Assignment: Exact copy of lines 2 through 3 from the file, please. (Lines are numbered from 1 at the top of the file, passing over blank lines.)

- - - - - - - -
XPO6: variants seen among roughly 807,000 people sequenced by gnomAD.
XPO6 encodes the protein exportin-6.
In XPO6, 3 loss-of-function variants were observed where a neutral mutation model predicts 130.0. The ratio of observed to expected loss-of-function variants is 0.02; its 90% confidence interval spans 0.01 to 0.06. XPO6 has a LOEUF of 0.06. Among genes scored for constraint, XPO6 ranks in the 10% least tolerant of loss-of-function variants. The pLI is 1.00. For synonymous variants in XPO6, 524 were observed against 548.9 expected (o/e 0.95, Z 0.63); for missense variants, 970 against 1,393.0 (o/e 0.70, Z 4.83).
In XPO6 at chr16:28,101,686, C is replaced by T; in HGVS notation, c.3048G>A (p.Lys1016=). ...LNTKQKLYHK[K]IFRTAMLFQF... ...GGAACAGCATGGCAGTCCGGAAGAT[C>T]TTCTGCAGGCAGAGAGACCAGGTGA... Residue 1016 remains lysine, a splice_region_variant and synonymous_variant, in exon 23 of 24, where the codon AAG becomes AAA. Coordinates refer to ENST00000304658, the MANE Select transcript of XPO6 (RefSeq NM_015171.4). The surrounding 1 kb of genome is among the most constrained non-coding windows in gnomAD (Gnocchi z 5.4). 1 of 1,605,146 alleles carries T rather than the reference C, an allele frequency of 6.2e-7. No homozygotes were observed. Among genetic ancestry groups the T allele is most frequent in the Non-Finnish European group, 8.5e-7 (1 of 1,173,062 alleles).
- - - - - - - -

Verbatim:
XPO6 encodes the protein exportin-6.
In XPO6, 3 loss-of-function variants were observed where a neutral mutation model predicts 130.0. The ratio of observed to expected loss-of-function variants is 0.02; its 90% confidence interval spans 0.01 to 0.06. XPO6 has a LOEUF of 0.06. Among genes scored for constraint, XPO6 ranks in the 10% least tolerant of loss-of-function variants. The pLI is 1.00. For synonymous variants in XPO6, 524 were observed against 548.9 expected (o/e 0.95, Z 0.63); for missense variants, 970 against 1,393.0 (o/e 0.70, Z 4.83).